The term yield curve refers to the yields of U.S. Treasury bills, notes, and bonds in order from shortest to longest maturity date. The yield curve describes the shapes of the term structures of interest rates and their respective times to maturity in years.

The curve can be displayed graphically, with the time to maturity located on the x-axis and the yield to maturity located on the y-axis of the graph. As a historical example to illustrate this concept, The U.S. Treasury published the following yield curve for U.S. Treasury securities on Dec. 11, 2015:

Yield Curve for U.S. Treasury Securities

Image

Image by Sabrina Jiang © Investopedia 2020

The graph above shows that yields are lower for shorter maturity bonds and increase steadily as bonds become more mature. The shorter the maturity, the more closely we can expect yields to move in lock-step with the fed funds rate. Looking at points farther out on the yield curve gives a better sense of the market consensus about future economic activity and interest rates.

Below is another historical example of the yield curve taken from January 2008.

U.S. Treasuries

Bills Maturity Date Discount/Yield Discount/Yield Change
3-Month 04/03/2008 3.12/3.20 0.03/-0.027
6-Month 07/03/2008 3.10/3.21 0.06/-0.074
Notes/Bonds Coupon Maturity Date Current Price/Yield Price/Yield Change
2-Year 3.250 12/31/2009 101-011/2 / 2.70 0-06+/-0.107
5-Year 3.625 12/31/2012 102-04+ /3.15 0-143/4 / 0.100
10-Year 4.250 11/15/2017 103-08 / 3.85 0-111/2/ -0.044
30-Year 5.000 5/15/2037 110-20 / 4.35 0-051/2 / -0.010
Image
Yield Curve January 2008.

Image by Sabrina Jiang © Investopedia 2020

The slope of the yield curve tells us how the bond market expects short-term interest rates to move in the future, based on bond traders' expectations about economic activity and inflation. This yield curve is inverted on the short-end. That suggests that the traders expect short-term interest rates to move lower over the next two years. Put simply, they expect a slowdown in the U.S. economy.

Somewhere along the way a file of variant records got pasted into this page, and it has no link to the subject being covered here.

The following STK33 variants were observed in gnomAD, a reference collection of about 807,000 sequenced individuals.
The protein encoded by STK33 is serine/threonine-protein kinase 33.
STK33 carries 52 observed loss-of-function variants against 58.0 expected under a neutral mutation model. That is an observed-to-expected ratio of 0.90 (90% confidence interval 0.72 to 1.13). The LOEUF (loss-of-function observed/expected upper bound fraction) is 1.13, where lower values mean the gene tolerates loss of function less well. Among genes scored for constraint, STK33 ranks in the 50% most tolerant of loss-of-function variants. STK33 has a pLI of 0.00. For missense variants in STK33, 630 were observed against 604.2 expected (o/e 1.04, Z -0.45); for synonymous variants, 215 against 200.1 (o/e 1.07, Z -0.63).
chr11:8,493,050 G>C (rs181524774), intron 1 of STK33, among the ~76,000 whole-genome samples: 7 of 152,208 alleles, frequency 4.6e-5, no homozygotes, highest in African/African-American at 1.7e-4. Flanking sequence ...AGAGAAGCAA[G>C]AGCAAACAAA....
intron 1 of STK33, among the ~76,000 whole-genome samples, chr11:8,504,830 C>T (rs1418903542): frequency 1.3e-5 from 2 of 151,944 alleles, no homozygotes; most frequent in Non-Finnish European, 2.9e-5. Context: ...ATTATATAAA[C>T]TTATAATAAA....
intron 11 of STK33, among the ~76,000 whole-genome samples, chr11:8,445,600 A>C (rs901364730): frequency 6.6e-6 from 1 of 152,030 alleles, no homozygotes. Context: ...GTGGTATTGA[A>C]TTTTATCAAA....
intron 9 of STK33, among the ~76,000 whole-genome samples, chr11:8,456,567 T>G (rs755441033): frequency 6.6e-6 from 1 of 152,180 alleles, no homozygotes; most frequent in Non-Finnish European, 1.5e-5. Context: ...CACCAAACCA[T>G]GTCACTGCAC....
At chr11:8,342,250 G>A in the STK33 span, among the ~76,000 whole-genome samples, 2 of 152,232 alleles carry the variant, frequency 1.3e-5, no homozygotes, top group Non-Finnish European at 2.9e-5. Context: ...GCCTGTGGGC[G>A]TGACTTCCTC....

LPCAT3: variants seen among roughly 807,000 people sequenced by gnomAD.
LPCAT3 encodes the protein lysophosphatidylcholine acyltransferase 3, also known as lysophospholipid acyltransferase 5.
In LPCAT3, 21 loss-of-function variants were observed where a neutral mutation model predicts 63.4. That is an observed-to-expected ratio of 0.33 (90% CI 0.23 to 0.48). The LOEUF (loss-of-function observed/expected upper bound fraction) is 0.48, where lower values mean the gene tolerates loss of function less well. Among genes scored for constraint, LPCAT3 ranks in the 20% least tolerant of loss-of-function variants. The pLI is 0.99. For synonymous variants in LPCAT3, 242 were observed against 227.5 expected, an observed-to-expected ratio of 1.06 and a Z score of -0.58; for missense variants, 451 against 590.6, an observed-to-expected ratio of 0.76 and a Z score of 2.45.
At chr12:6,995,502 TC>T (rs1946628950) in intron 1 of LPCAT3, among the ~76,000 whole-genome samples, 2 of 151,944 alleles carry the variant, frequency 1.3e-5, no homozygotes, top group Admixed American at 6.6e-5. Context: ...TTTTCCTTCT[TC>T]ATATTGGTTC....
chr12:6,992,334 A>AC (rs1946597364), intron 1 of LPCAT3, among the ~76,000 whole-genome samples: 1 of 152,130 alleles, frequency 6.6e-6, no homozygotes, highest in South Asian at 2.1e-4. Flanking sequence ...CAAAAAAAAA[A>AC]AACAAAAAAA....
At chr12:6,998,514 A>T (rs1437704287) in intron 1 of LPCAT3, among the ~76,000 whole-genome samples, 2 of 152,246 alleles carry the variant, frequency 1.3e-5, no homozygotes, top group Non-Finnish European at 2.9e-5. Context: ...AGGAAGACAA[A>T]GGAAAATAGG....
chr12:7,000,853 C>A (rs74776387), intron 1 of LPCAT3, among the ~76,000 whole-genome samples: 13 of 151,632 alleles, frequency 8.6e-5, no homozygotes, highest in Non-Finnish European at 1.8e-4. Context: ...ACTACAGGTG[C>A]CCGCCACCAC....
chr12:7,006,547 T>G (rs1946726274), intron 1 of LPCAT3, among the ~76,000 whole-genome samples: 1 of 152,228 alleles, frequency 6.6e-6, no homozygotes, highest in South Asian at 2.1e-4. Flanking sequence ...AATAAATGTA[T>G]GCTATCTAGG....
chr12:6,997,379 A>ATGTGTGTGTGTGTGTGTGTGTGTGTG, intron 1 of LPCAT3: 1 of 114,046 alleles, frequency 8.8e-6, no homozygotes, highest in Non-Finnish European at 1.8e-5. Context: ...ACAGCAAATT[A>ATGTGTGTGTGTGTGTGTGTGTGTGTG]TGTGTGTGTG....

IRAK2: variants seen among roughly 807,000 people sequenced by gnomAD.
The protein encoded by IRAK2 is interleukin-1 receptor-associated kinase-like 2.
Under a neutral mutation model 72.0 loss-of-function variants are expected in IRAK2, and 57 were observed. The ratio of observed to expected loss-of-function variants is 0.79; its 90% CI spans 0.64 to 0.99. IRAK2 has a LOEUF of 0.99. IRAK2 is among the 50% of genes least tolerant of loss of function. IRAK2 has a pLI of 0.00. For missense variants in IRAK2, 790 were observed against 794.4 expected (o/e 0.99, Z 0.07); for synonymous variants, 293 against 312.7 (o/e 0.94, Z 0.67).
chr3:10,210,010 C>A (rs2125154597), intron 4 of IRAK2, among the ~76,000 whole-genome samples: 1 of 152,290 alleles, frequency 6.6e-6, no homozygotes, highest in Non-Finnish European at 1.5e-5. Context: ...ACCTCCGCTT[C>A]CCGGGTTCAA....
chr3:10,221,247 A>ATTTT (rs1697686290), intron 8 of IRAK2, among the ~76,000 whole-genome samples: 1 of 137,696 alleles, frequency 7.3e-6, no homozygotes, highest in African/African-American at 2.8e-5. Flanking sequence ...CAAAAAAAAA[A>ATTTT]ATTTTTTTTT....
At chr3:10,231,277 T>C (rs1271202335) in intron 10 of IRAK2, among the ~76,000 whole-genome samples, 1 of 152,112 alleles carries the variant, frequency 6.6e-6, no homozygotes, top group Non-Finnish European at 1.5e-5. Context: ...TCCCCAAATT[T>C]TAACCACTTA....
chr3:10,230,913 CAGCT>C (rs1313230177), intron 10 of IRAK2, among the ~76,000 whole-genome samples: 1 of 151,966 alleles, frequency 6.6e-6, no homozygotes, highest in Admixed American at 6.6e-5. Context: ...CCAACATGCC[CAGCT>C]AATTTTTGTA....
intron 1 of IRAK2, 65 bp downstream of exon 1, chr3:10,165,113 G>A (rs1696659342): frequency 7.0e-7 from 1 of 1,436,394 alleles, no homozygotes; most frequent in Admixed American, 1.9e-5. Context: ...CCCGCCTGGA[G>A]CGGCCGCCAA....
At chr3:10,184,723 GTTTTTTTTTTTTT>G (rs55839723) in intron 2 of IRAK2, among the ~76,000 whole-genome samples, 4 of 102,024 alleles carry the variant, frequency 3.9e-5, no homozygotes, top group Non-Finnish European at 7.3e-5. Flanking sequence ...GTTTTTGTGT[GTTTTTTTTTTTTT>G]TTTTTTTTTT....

The best use for the yield curve is to get a sense of the economy's direction rather than to try to make an exact prediction.

Types of Yield Curves

There are several distinct formations of yield curves: normal (with a steep variation), inverted, and flat. All are shown in the graph below.

Image

Image by Sabrina Jiang © Investopedia 2020

Normal Yield Curve

As the orange line in the graph above indicates, a normal yield curve starts with low yields for lower maturity bonds and then increases for bonds with higher maturity. A normal yield curve slopes upwards. Once bonds reach the highest maturities, the yield flattens and remains consistent. This is the most common type of yield curve. Longer maturity bonds usually have a higher yield to maturity than shorter-term bonds.

For example, assume a two-year bond offers a yield of 1%, a five-year bond offers a yield of 1.8%, a 10-year bond offers a yield of 2.5%, a 15-year bond offers a yield of 3.0%, and a 20-year bond offers a yield of 3.5%. When these points are connected on a graph, they exhibit a shape of a normal yield curve. Such a yield curve implies stable economic conditions and should prevail throughout a normal economic cycle.

Steep Yield Curve

The blue line in the graph shows a steep yield curve. It is shaped like a normal yield curve with two major differences. First, the higher maturity yields don’t flatten out at the right but continue to rise. Second, the yields are usually higher compared to the normal curve across all maturities.

Such a curve implies a growing economy moving towards a positive upturn. Such conditions are accompanied by higher inflation, which often results in higher interest rates. Lenders tend to demand high yields, which get reflected by the steep yield curve. Longer-duration bonds become risky, so the expected yields are higher.

Flat Yield Curve

A flat yield curve, also called a humped yield curve, shows similar yields across all maturities. A few intermediate maturities may have slightly higher yields, which causes a slight hump to appear along the flat curve. These humps are usually for the mid-term maturities, six months to two years.

As the word flat suggests, there is little difference in yield to maturity among shorter and longer-term bonds. A two-year bond could offer a yield of 6%, a five-year bond of 6.1%, a 10-year bond of 6%, and a 20-year bond of 6.05%.

Such a flat or humped yield curve implies an uncertain economic situation. It may come at the end of a high economic growth period that is leading to inflation and fears of a slowdown. It might appear at times when the central bank is expected to increase interest rates. In times of high uncertainty, investors demand similar yields across all maturities.

Inverted Yield Curve

The shape of the inverted yield curve, shown on the yellow line, is opposite to that of a normal yield curve. It slopes downward. An inverted yield curve means that short-term interest rates exceed long-term rates.